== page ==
Feeding growing bonesBy Czerne M. Reid • Published: July 26th, 2011
Category: Health in a Heartbeat
Ever been the gangly kid suddenly three inches taller than your classmates? Adolescence is a time of growth spurts, and teens need special diets to make sure their bodies get all the nutrition needed during this period of development. And perhaps number one on that list is calcium. Calcium supports intensive bone growth, muscular development and hormonal changes, as well as a host of metabolic and cellular functions. But experts say most children worldwide don’t get the recommended amount.
Bone is the major reservoir of calcium in the body, and teens reach up to half of their adult bone mass during adolescence. Adequate calcium is needed to help prevent fractures associated with growth spurts and protect against osteoporosis in later years. In addition, the body uses up more minerals, including calcium, during the hormonal turbulence of the teen years.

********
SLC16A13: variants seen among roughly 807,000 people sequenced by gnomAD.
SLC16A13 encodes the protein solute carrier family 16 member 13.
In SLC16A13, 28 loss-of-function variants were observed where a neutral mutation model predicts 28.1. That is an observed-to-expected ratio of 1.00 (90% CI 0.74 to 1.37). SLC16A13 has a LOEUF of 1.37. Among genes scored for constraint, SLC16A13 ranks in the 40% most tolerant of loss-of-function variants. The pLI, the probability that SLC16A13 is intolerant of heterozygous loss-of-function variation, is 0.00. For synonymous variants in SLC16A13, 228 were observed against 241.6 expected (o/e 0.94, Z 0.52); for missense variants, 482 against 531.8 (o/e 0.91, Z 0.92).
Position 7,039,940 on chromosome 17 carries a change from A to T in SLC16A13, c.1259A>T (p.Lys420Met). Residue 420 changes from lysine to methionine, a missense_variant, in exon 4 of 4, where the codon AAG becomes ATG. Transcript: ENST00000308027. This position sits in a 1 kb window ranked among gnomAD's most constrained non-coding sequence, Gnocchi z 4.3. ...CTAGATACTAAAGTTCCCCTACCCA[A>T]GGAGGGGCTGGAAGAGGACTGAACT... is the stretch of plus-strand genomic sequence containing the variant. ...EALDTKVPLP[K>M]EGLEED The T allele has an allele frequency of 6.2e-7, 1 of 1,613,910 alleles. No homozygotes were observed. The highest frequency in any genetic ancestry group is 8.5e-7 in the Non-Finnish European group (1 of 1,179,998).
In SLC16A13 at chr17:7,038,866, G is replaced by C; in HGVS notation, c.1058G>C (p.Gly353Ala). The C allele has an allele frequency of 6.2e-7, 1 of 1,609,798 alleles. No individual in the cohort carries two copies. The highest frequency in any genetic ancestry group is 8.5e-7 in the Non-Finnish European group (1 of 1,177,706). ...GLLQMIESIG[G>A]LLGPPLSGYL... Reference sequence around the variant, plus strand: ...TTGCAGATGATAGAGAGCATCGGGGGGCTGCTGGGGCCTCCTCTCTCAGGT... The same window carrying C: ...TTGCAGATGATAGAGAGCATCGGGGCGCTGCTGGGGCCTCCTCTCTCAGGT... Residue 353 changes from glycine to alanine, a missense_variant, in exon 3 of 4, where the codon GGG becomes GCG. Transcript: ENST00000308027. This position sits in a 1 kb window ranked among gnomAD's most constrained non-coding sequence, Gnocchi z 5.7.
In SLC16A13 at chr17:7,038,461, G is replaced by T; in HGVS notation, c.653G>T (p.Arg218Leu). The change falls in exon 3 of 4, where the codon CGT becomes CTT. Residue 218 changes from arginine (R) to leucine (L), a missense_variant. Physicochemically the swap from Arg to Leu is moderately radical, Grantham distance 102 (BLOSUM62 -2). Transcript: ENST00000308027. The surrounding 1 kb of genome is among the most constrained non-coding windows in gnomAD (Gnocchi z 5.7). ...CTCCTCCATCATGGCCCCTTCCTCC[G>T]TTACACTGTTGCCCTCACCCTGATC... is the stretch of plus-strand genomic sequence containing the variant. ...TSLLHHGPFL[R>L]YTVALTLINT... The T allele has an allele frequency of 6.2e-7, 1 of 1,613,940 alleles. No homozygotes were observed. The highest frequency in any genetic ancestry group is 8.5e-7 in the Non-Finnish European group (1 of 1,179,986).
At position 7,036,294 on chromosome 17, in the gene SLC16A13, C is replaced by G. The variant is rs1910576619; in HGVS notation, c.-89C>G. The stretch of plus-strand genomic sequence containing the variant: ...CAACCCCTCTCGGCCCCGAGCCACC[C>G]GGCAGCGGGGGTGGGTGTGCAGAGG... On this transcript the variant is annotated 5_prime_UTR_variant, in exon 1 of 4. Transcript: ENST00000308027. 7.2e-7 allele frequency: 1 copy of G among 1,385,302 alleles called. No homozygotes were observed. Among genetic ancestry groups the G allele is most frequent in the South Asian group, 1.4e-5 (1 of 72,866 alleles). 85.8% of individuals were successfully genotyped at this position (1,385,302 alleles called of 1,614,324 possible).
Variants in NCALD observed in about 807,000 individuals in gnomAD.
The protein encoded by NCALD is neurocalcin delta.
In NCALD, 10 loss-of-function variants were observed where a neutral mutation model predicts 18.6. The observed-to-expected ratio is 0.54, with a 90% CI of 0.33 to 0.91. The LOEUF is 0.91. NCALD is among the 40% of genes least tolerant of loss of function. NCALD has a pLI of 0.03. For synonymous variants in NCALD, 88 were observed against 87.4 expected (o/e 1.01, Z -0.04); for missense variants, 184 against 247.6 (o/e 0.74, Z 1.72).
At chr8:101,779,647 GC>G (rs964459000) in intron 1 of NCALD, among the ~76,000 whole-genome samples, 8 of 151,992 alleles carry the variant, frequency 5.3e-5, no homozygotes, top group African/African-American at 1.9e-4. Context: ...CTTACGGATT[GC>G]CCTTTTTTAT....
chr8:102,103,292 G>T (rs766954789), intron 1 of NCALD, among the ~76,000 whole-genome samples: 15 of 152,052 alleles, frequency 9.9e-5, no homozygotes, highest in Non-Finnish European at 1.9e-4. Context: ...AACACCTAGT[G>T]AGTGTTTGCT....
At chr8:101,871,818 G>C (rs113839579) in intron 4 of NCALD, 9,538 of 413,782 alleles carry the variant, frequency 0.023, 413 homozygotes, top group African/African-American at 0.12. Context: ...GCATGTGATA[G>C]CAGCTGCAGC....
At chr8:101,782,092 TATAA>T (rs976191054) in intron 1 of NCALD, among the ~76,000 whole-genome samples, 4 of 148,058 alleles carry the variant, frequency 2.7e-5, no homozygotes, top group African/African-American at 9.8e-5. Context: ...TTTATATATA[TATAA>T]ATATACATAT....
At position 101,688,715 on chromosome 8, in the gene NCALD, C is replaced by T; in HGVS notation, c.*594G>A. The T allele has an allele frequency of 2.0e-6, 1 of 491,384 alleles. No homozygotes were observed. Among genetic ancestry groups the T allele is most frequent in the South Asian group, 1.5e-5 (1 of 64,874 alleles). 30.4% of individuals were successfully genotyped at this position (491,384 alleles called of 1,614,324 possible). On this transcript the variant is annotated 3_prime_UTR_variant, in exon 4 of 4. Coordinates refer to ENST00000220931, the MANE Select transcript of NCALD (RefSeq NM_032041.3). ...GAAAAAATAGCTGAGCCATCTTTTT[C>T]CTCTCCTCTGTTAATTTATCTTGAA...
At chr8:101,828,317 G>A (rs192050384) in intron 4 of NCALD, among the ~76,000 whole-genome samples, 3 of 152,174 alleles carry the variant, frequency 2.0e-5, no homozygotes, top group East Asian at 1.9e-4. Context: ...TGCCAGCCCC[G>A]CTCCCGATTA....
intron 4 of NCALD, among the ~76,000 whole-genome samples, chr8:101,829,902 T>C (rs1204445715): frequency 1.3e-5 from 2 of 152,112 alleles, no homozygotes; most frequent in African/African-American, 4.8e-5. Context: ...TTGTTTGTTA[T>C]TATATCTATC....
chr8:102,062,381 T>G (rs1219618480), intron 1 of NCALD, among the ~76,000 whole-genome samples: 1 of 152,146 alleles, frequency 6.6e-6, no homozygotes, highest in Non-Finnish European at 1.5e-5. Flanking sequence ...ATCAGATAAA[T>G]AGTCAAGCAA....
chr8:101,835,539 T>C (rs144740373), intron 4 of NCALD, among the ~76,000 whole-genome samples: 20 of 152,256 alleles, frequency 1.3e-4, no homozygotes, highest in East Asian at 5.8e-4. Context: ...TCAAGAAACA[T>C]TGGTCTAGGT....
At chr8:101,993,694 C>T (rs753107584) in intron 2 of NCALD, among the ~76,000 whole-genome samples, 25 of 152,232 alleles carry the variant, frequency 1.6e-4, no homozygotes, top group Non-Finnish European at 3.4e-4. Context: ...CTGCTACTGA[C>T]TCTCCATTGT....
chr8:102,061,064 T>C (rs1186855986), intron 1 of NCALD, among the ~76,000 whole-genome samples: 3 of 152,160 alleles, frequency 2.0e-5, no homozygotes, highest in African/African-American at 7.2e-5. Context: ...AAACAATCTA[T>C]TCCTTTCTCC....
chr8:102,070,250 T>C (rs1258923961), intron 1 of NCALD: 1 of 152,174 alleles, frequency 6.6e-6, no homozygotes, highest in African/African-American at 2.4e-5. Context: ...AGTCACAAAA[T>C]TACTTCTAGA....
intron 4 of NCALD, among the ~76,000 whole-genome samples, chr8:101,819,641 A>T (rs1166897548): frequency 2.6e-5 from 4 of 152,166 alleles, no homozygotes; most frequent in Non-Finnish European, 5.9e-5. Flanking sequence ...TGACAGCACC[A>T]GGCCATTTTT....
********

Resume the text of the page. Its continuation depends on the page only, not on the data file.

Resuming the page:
Many foods are now fortified with calcium, but milk and dairy remain the main sources of the mineral in Western diets. But parents’ nagging to “drink your milk” seems to work only to a point. Less than a quarter of American adolescents drink three or more glasses of milk a day.
Many adolescents have replaced calcium-rich milk with carbonated and caffeinated beverages as their drink of choice. Not only do those drinks crowd out milk from the diet, but some chemical and caffeine components may interfere with calcium absorption in the body and contribute to bone loss and increased fracture risk. Cereals and legumes such as peas and beans are good sources of calcium, but as you may guess, legumes are not top meal choices for teens these days.
If you want your teenagers to include more calcium in their diets, talk to them about how important the mineral is for their health and growth, both in the short and long term. And make sure to load up the dinner table with calcium-rich foods.